A team of researchers has developed a glowing molecule that could help the fight against antibiotic resistance, by alerting doctors to what kind of bacterial threat is affecting their patients.
Researchers at The University of Texas at Austin has developed chemical probes that can help identify an enzyme produced by some types of E. coli and pneumococcal bacteria. The enzyme is known to break down several common types of antibiotics, making these bacteria dangerously resistant to treatment.
The team looked at the threat posed by the bacterial enzyme called New Delhi metallo-beta-lactamase (NDM) and set out to create a molecule that glows when it comes into contact with it. When these chemical probes are added to a test tube, they bind to the enzyme and glow – a tool that could be used to alert doctors to what kind of bacterial threat is affecting their patients and tell them which antibiotics to use.
The paper has been published in the Journal of the American Chemical Society.
A new weapon against antibiotic resistance
As well as indicating the presence of the NDM enzyme, the florescent chemical probe developed by Emily Que, assistant professor of chemistry and one of the leading researchers on the team, and Walt Fast, a professor of chemical biology and medicinal chemistry, could help in the search for alternative ways to combat these resistant bacteria. One treatment option that doctors use with resistant bacteria is to combine common antibiotics and an inhibitor – although there is no known clinically effective inhibitor for NDM-producing bacteria, Que’s probe could help find one.
Once the probe has bound to the enzyme and begun to glow, if an effective inhibitor is introduced, it will knock the probe loose and the glow would stop. This allows scientists to test a high volume of potential drugs very quickly.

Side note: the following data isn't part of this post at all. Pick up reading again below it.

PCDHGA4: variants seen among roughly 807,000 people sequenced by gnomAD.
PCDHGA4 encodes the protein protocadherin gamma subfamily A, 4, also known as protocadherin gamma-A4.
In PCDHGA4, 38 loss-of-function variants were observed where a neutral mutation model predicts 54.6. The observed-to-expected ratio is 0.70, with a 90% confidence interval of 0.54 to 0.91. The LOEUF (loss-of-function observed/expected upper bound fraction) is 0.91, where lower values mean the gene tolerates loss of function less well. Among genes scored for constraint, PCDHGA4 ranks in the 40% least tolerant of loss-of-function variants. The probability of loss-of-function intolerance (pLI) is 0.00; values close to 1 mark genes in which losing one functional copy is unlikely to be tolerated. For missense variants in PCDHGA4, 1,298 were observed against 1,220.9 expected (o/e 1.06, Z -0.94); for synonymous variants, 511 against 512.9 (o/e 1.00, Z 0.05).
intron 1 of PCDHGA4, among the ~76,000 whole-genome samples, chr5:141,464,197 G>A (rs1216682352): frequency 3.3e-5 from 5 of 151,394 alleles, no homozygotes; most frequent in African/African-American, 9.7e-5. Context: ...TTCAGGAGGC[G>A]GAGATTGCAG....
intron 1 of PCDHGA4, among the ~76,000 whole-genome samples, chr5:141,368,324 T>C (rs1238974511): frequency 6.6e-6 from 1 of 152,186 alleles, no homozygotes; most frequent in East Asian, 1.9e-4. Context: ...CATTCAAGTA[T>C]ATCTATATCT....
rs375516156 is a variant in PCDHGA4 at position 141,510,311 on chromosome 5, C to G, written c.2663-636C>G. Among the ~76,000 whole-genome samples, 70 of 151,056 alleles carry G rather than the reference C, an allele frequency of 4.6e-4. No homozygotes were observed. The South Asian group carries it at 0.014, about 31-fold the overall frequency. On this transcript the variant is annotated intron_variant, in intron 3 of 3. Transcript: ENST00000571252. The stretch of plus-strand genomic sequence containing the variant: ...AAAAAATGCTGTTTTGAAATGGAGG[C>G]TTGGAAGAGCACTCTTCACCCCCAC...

Que said: “In response to antibiotic treatment, bacteria have evolved various mechanisms to resist that treatment, and one of those is to make enzymes that basically chew up the antibiotics before they can do their job. The type of tool we developed gives us critical information that could keep us one step ahead of deadly bacteria.”
“This allows us to work towards developing therapies and eventually understanding evolutionary characteristics of such proteins,” said Radhika Mehta, a recent UT Austin doctoral graduate and lead author on the paper. Mehta is currently a postdoctoral fellow in the Merchant Lab at the University of California, Berkeley.
The study also examined the process of nutritional immunity, which comes from the human body’s production of proteins in response to an infection. The proteins take up all the available metals in the body, such as the zinc required to make NDM, making the bacteria more susceptible to attack. The probe could be used to study nutritional immunity and NDM because it will glow only in the presence of the zinc needed to form the enzyme.
“The evolution of this bacteria, since its discovery in 2008, indicates that not only is it developing antibiotic resistance, it’s attempting to combat this natural human immune process. That’s particularly scary,” Que said.